Living Needs of Great Dane
Great Danes are social dogs and prefer to be around people and animals. They will be able to stretch their legs and get as much exercise in a large, fenced yard.
A large yard doesn’t have to be a problem as long as they get enough exercise (we mean two or three walks per day). Derse states that although they are large, they will need to exercise. However, they don’t have unlimited energy like small dogs. I see them on the couch a lot.”
It is possible for Great Danes to do too much exercise. According to the Great Dane Lovers Association of Western Australia (GDLA), dogs grow quickly and owners should wait until their dog is 18 months to start taking them hiking or running to help preserve his joints.
They’re large, so they need to run. But they are not dogs with boundless energy. They are often found on the couch.
Taking Care of Great Dane Puppy
Great Danes can be large. Because of this, it can be expensive to care for them. They consume more food than small dogs, and require higher doses of medication if they are on medication.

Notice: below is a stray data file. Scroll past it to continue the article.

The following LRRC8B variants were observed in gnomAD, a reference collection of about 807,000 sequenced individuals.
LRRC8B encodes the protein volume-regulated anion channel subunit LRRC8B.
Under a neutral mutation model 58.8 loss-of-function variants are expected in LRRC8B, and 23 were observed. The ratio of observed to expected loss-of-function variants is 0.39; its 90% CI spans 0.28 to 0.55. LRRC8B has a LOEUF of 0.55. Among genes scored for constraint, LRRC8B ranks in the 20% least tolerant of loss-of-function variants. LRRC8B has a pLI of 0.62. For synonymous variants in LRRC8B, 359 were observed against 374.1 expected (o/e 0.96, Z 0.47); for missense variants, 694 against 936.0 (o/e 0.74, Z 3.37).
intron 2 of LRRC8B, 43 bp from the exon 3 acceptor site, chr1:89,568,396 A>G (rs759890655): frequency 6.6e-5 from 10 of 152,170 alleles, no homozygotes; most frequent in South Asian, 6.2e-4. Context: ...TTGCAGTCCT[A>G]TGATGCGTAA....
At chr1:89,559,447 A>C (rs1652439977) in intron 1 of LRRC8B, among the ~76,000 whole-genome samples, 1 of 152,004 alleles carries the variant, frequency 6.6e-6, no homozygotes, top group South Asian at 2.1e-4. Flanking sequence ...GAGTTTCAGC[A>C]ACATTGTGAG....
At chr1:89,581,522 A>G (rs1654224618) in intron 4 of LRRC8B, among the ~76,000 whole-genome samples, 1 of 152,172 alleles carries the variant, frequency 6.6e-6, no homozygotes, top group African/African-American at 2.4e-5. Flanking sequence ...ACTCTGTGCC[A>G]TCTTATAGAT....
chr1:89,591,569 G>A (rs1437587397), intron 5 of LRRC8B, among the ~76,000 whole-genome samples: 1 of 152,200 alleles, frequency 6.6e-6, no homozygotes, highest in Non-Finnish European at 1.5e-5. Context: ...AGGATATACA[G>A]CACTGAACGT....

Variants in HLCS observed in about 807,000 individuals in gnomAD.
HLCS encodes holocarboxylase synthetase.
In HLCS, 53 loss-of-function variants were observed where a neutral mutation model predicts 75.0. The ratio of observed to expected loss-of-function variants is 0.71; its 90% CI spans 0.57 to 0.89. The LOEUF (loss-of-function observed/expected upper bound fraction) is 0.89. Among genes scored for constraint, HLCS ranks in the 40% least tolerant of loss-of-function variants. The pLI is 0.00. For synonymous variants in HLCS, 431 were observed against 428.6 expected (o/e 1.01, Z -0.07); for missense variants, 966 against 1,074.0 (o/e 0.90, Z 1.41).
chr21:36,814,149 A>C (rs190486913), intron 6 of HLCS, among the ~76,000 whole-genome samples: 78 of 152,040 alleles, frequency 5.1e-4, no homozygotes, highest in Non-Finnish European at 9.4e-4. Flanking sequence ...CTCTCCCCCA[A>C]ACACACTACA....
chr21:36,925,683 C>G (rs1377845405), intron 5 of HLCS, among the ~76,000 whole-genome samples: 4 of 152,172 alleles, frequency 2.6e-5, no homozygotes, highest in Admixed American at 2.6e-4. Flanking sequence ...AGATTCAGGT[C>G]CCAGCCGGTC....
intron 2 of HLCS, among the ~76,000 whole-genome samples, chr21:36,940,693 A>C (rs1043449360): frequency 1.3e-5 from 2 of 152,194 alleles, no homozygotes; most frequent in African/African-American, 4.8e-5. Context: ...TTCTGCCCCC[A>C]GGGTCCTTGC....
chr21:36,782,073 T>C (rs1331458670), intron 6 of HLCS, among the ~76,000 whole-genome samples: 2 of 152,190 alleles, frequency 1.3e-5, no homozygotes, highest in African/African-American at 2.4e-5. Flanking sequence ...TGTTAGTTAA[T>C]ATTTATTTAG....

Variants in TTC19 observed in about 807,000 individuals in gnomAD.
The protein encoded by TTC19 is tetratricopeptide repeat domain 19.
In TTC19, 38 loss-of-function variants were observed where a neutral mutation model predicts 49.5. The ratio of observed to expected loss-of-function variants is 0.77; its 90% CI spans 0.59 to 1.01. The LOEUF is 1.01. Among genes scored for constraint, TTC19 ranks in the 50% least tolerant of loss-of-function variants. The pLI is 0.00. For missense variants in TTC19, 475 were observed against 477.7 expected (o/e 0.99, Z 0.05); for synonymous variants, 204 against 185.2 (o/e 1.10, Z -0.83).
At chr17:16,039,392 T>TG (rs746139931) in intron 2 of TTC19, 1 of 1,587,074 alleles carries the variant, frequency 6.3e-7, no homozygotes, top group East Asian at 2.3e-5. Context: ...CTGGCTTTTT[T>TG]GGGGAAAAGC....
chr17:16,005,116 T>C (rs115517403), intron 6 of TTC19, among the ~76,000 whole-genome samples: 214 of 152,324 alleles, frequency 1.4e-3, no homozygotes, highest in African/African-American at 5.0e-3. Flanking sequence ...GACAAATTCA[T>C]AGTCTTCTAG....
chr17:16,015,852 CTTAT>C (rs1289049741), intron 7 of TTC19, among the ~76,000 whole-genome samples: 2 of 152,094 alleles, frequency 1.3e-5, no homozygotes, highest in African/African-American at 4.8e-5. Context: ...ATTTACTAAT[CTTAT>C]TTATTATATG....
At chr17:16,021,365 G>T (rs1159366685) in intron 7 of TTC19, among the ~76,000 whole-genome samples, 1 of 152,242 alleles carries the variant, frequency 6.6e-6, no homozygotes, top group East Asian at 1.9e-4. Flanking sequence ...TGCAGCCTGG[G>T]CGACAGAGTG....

They may also require more anesthesia if they have to undergo surgery. This can increase the cost. Derse states that the cost of getting one of these dogs is something you should consider. They are definitely more costly.
Although their short, smooth coat is easy to maintain, Great Danes shed occasionally throughout the year due to their large size. The most shedgin occurs in spring when the weather is warmer.
Brushing your dog weekly throughout each year is a good way to control shedding. Baths should be taken from time to time, and nails must be trimmed regularly. Fastidious home-owners should be aware that Great Danes do drool. There are many.
It is important to socialize these dogs as young dogs (and when they are older than you). Great Danes love being around other animals and people, and they respond well to constant positive reinforcement.
Health Issues of Great Dane Puppies
The Great Dane, like many large breeds of dog, can have a variety of health problems. Derse states that he always stresses to Great Dane puppies how quickly they will grow and what diseases they can get, even though they are young or middle-aged.